Mathematical diagrams are essential for learning and communication. Yet, these diagrams remain tedious and difficult to make with digital tools. Thus, I propose to build a system that tackles the general problem of converting abstract mathematical ideas into visual diagrams. In this thesis, I show how it is possible to separate the specification of a diagram from its synthesis. Organizing the diagramming process in this way enables several aspects of mathematical diagramming to be made first-class: the mathematical domain of a diagram, its mathematical content, its visual representation, and the synthesis of a concrete diagram.
I present design goals for any system that aims to convert abstract mathematical ideas into visual diagrams, and I present a system called Penrose that I demonstrate meets these design goals. This system uses language-based approaches to specifying aspects of mathematical diagramming, paired with optimization-based approaches to synthesizing concrete diagrams.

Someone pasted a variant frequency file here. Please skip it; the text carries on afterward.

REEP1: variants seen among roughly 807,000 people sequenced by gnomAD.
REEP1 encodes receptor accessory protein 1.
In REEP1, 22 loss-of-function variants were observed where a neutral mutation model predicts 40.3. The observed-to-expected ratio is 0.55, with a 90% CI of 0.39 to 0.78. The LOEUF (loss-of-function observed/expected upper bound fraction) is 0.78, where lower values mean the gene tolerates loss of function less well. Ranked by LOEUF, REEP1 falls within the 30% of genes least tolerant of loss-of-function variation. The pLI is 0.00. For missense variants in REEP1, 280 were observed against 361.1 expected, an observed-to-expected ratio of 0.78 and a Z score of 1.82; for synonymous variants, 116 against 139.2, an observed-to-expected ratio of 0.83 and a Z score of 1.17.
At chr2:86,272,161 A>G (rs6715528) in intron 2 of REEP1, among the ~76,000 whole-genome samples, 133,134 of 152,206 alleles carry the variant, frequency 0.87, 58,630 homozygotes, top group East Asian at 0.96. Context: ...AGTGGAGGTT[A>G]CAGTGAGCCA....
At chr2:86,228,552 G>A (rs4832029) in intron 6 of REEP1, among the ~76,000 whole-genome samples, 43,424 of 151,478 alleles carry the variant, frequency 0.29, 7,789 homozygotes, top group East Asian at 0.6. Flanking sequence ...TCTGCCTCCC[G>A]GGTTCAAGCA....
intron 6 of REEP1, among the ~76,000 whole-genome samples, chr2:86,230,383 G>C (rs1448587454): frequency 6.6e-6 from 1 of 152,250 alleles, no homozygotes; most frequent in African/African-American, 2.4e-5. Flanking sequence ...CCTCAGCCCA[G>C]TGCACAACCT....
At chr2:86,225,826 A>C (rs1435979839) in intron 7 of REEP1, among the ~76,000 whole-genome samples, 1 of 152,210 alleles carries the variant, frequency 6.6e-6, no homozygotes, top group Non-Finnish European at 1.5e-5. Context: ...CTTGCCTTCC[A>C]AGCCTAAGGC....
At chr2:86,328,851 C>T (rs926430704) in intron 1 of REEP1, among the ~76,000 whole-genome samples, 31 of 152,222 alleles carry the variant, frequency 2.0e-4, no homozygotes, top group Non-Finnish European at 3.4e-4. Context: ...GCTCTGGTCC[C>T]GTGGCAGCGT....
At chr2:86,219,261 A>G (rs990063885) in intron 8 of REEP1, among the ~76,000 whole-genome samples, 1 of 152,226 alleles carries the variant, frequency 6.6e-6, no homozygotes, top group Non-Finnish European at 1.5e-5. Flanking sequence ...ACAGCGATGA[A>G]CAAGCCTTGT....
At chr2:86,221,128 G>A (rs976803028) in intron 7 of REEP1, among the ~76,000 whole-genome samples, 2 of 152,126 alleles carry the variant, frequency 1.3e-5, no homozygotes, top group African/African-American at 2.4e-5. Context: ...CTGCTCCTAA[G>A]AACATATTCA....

I propose to validate the usefulness of the system for domain experts in making realistic diagrams, and simultaneously do formative work with them on how the system could be improved. I also propose to study the problem of diagram layout in general and create algorithms that better support this goal.
The vision is for these designs and algorithmic techniques to lower the barrier to making beautiful and useful diagrams.
Keenan Crane (Co-Chair)
Jonathan Aldrich (Co-Chair)
Pat Hanrahan (Stanford University)
Zoom Participation. See announcement.